The hard part about this game is the helplessness I felt while playing. There were so many opportunities for players to kill your people before it was your turn again and sometimes they weren’t even the cause. I lost both games while playing in class and I lost by a giant margin compared to everyone else. I was told this game doesn’t cause much anger when meeple are killed, but when I lost all my meeple except 1 in the second game, I couldn’t help but feel a bit upset. It was so hard to avoid death for me or even get my meeple off the island. At the end though, I feel like I have to narrow it down to the luck of the tiles I chose to put my meeple on and the tiles I chose to sink.

Leadership in the game I believe is in the cooperation you must do in this game despite it being a combat game where it is player versus player. When a player boards your boat you must make a pact to work together to get out alive. When a player has the opportunity to kill your meeple, you must convince them why they should not. Leadership cannot work without cooperation and teamwork even when you don’t want to work with the others on your team. I’ve learned from a different class about the difference between teams and groups. Groups split up the work and never discuss together and at the end, the project is a thrown together Frankenstein of several different approaches to the problem. Teams constantly meet and there is a leader who brings people together to work on the problem and create a seamless product. Teams are the better option and this game shows that you cannot win without a little bit of teamwork with others you are competing with.

Even though I already know he loves this game, I would have definitely recommended this game to my friend Jeremy. He was the one who showed me the game King of Tokyo and always wants to compete in games. He has expressed how much he hates cooperation in games and wants to do everything himself. I also saw this when playing Bohnanza with him. He barely traded at all and ended up losing. He did not want to help others even when it was hurting him. He would love to kill meeple in Survive and quickly escape by himself.

I would love to try this game again and hope for better luck.

Game of the Week: Mysterium

Last week I got the chance to play the game Mysterium in Tabletop Games and Leadership. Several times since coming to college I heard of this game and how I should play it because of my obsession with Betrayal at the House on the Hill and Clue. As much as Clue holds a dear place in my heart from my childhood, this game blew it out of the water. Mysterium contains intrigue, cooperation, and creative thinking.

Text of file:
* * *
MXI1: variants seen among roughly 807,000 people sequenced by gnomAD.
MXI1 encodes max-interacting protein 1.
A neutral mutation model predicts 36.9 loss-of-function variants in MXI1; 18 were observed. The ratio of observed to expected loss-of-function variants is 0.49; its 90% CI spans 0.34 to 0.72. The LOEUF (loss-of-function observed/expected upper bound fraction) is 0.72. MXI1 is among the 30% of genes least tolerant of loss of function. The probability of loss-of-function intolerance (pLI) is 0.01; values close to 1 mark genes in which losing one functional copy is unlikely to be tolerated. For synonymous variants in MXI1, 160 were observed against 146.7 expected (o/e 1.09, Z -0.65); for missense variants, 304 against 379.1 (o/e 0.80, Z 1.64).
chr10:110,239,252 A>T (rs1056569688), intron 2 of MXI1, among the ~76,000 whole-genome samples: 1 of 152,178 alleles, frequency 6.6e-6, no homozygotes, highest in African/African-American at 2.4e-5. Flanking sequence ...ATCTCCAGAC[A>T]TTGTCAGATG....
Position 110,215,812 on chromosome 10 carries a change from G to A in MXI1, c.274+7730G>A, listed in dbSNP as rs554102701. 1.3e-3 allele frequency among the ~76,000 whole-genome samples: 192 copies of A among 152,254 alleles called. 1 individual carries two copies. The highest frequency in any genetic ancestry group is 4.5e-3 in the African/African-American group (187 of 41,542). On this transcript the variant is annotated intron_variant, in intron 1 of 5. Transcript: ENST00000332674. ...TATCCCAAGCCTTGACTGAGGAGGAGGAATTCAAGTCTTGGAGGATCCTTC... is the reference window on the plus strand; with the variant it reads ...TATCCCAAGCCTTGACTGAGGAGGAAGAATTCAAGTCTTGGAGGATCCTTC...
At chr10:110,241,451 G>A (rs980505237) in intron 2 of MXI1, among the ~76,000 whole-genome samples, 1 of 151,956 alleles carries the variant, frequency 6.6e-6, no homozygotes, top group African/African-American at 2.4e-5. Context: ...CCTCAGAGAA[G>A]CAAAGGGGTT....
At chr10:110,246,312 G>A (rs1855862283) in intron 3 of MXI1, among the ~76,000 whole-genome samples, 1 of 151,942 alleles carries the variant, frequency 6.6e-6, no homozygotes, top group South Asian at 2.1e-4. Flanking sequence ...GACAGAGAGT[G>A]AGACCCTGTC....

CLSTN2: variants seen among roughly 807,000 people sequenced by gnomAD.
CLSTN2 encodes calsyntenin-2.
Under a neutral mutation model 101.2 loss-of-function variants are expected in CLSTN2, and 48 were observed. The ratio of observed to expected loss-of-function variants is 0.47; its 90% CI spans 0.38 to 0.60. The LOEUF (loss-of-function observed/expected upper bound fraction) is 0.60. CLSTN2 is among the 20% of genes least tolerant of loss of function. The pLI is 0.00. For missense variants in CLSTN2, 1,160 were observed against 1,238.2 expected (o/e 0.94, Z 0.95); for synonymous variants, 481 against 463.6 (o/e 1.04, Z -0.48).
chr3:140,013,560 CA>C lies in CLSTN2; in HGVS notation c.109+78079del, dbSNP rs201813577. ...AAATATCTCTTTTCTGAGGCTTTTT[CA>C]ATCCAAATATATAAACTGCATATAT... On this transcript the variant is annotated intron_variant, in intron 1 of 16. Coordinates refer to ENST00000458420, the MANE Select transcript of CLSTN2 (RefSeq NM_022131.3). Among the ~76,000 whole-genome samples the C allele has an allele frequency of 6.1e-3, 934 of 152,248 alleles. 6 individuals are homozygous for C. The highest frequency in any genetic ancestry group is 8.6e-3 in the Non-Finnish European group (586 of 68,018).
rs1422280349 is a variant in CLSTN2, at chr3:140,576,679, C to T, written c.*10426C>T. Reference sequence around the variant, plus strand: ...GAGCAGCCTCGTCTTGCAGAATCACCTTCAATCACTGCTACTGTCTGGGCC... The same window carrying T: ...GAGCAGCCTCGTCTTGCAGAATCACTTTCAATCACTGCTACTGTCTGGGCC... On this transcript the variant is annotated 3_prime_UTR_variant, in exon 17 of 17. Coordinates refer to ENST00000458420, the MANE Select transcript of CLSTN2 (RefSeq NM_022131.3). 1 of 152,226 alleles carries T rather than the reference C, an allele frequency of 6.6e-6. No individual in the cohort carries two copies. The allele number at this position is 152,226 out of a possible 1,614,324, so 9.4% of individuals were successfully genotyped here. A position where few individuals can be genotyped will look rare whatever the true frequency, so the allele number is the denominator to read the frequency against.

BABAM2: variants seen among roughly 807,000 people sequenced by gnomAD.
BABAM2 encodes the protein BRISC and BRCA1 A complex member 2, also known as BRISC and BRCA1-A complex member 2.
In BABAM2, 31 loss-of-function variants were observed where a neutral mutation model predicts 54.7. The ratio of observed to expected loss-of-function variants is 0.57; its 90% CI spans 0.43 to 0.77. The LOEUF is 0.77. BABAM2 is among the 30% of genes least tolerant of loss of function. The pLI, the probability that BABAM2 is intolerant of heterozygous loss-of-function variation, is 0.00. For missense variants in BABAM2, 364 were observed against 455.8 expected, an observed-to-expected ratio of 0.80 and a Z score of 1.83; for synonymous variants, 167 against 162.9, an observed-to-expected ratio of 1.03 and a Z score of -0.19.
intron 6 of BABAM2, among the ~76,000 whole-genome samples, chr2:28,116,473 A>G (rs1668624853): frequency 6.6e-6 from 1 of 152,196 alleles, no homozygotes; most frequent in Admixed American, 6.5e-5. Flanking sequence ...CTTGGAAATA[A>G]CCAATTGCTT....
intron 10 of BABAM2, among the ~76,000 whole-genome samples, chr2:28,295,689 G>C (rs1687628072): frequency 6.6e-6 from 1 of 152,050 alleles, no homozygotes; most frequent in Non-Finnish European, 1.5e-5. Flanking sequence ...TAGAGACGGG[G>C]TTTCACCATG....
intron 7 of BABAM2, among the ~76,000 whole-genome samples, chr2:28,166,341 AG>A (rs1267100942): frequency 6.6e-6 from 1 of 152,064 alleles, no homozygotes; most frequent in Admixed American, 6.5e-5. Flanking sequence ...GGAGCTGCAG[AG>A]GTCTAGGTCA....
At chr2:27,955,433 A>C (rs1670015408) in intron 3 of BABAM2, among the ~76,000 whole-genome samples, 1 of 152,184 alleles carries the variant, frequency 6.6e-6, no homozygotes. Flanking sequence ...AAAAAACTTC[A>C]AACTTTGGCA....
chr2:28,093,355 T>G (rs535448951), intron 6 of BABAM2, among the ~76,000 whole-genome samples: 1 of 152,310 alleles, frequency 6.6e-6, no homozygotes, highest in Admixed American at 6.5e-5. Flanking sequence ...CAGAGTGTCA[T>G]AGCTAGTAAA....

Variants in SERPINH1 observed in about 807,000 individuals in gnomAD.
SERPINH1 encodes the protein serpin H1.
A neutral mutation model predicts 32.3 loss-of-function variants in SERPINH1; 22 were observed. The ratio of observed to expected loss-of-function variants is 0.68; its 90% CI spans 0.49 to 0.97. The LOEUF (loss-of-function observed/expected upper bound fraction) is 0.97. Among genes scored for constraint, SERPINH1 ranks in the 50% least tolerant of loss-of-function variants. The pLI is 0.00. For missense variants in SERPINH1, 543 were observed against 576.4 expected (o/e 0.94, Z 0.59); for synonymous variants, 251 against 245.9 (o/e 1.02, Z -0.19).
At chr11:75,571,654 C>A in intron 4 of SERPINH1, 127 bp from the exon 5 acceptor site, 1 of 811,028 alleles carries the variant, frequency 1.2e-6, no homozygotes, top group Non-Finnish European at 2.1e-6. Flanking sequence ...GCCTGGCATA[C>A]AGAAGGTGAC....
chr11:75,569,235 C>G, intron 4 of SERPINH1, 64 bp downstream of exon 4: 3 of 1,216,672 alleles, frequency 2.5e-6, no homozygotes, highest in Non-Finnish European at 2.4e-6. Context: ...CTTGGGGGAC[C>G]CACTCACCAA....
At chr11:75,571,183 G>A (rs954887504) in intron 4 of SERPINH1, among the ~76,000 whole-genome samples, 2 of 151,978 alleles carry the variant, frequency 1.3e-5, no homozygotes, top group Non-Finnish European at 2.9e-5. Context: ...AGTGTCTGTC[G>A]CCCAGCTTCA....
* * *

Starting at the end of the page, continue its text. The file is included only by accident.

Mysterium is a game with a team of detectives and a ghost who are all working together to solve the ghost’s murder. The ghost may not speak and will give the detectives dreams to hint towards the person, place and weapon. The detectives discuss their dreams with the other detectives and they try to uncover what it means. Once everyone finds their own stories, the ghost will give a final hint to the players on what is the true story of their demise.

I have not played Mysterium before this class and it was easy to pick up and figure out. However, there is some difficulty in deciding what each dream means. There are usually several unique aspects to each card and it is hard to distinguish which aspect the ghost was aiming for. The advantage a returning team of players have is memories associated with certain cards. Friends who play this game can develop a very specific meaning to a card which any one of them could understand immediately when given this card. As difficult as it is to be a new player to the game, the randomness of the cards and the fact you are working together compensates for this.

The Tabletop games and Leadership course gives you a new perspective on games every week because you start to decide what about the game could tie back to leadership. There are many things in this game that could teach leadership, but one of these is the ghost’s position. The ghost of the game has no say in what the dream they gave meant. They chose based on their own ideas and associations with the card. However, they are able to listen to and view the thought process of the detectives. The ghost must reach an understanding of where everyone’s ideas are at and what they focus on. Through this observation, they can change the entire game’s direction toward everyone’s success. This relates a lot back to leadership because you cannot lead without your followers. Leaders must understand their followers’ needs in order to successfully lead and keep their followers from wandering. I did not play the role of the ghost, but I would love the opportunity to lead the detectives in their mystery.

I love the game Mysterium, but I know of someone else who would also love to play this. My sister-in-law Claire. Claire and my brother, Shane, are major board game nerds and would always invite their friends over to play during college. Claire is intelligent and precise, but her personality is very easy going. She is cooperative because she would always trade with me during our games of Catan and listen to my ideas on how to overthrow my brother from his board game throne. Shane is very competitive and will do whatever it takes to win. I know from growing up with him I would try to avoid being on a team against him. I’m sure Claire would love a game where it is fun and cooperative to avoid my brother’s boasting or sulking at the game’s end.

Overall, this was a fantastic game for week 4 of this course. I can’t wait for week 5!